Rife with grandstanding, posturing, a stunning lack of understanding of the industry on the part of politicians, humor, compelling characters and no small amount of drama, the subcommittee on antitrust, competition policy and consumer rights hearing on the Live Nation/Ticketmaster merger on Feb. 24 in Washington, D.C., was nothing less than fascinating.

Positively riveting. That was good Internet TV, man. It even had a dramatic title: "The Ticketmaster/Live Nation Merger: What Does it Mean for Consumers and the Future of the Concert Business?" It makes one want to add "and the future of humanity?"

Once a sort of closed society, an underground of the music business filled with pirates, poets and visionaries, the concert business on Tuesday was laid out there for the world to see. As a guy who has covered this business and its characters for more than 20 years, I was kind of proud to see this former stepchild get so much attention. And, like a fan who discovered Bruce Springsteen in a club back in the early 1970s, I felt a twinge of jealousy that the mainstream media, Wall Street and, God help us, politicians, were horning in on my turf - our turf - this coolest of businesses.

I think the four men who testified that are actually part of this business, who know it and live it and survive in it, did a fine job of stating their cases and presenting their arguments. Ticketmaster CEO Irving Azoff, Live Nation CEO Michael Rapino, Jam co-owner Jerry Mickelson, and I.M.P. co-owner Seth Hurwitz, all men I know and respect, performed well in this spotlight. We saw Mickelson's toughness, Hurwitz' passion, Rapino's vision and Azoff's intellect and rapier wit.

This David A. Balto fellow, "senior fellow," actually, from the Center for American Progress Action Fund (sounds like a very conservative organization), I do not know and I can't say his histrionics impressed me. I will say that he made his points well, primarily "Big equal bad. Small equal good. Fans mistreated. World ends." Azoff and Rapino could use a "fellow" like that on their side.

I'd like to think I've maintained long, healthy relationships with the players in this industry because I'm fair and I present all sides of an issue, I hope in a way that provides insight on a given tour, concert, deal, etc. I have to be Switzerland. As a journalist, I can't take sides, and I won't here, except to say this merger faces, in the words of another well-known conflict, a long, hard slog.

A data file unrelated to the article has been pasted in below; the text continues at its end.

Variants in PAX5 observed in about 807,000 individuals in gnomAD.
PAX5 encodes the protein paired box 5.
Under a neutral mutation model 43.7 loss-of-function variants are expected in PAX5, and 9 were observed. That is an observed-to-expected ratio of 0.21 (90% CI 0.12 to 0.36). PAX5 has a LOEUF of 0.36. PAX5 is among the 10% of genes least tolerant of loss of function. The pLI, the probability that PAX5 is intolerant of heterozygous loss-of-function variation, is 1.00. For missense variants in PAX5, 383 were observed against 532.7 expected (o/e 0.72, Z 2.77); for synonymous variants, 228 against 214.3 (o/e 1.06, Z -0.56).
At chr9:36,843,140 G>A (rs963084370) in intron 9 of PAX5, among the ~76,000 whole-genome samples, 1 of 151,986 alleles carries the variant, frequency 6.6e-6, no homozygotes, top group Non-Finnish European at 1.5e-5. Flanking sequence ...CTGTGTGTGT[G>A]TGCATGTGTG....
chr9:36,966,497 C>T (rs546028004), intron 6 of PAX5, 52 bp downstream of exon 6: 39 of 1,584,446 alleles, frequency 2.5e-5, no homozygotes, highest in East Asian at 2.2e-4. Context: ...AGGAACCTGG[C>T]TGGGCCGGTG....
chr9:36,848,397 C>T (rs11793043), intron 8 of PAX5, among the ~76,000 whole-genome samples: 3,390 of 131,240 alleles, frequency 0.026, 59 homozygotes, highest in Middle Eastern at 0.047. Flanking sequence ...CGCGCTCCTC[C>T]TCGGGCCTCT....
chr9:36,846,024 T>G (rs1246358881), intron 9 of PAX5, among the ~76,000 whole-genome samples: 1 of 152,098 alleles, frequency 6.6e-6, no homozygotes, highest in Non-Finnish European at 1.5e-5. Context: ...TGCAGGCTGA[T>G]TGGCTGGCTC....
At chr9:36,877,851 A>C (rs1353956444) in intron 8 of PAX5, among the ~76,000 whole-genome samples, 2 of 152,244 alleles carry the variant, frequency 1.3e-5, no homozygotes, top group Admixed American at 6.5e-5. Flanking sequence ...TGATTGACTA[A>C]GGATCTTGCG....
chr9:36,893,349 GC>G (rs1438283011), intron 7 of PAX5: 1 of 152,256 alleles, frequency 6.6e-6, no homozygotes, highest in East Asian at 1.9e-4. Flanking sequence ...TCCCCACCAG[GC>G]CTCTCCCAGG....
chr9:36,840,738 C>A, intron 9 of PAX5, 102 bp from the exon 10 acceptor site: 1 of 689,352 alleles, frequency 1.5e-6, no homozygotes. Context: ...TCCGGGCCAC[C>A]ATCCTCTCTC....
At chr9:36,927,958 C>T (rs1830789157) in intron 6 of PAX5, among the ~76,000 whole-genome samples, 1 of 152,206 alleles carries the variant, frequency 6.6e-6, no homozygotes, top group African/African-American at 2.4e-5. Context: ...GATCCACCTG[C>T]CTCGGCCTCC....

It appeared to me that the politicians- Senator Herb Kohl (D-Wis.), Sen. Chuck Schumer (D-N.Y.), Sen. Orrin Hatch (R-Utah) and Sen. Amy Klobuchar (D-Minn.) - came into this with preconceived notions and knowing full well which side of this issue Joe Public will be on. Rightly or wrongly, fans have spent many years hating on Ticketmaster, and they don't mind going after Live Nation, either. Again, big is bad, small is good. Small cares about you more. Big is only after the money, screw you.

Life simply isn't that black and white. Frankly, both Mickelson and Hurwitz have taken a hard line about the anti-competitiveness of the post-consolidation concert world for many years, and they're both still in business. I think they're in business because they're smart, savvy, instinctive promoters and great talent buyers, which they already were before this craziness began back in the mid-1990s. By the way, Senator Kohl, don't you own the NBA's Milwaukee Bucks? Don't they play at the Bradley Center? Isn't that a Ticketmaster Building? Just asking.

Still, independents like Hurwitz and Mickelson have legitimate beefs and concerns and I applaud them for taking a stand. Letting a competitor have access to your sales data is like KFC giving that secret recipe to Popeye's. That should not be allowed to happen. Likewise, I've heard plenty of people, including my friends who are fans, bitch about trying to buy tickets on Ticketmaster at onsale and immediately being referred to TicketsNow, the secondary site. Rapino and Azoff, respectively addressed those two issues in what I feel is a candid manner. Of course, they kind of had to, given they were being grilled. They have a plan, and maybe the could have presented it a little better, but this wasn't exactly the friendly confines. As an aside, how much would I love to interview these guys under oath, forced to answer every question? If that were the case, I feel certain I'd ask better questions than these politicians did.

The politicians, particularly Schumer, tried to bully the big boys. But the big boys didn't back down. They've endured much tougher conversations, as have Hurwitz and Mickelson, just not in the public eye. They've been thrown out of worse places than that. Again, it was fascinating to watch all of these guys, these concert business playas, doing their thing. I'd put any of the four up against any politician, any time.

The fact of the matter is, no one really knows what the fallout will be if this merger goes through, but it puts the focus squarely where it needs to be in the music business: on the live thing. Because, regardless of how this shakes out, the live thing is king. And these four gentleman represented the live thing well indeed.

Ray Waddell is Billboard's executive director of content and programming for touring and live entertainment.

For the latest news on the merger click here.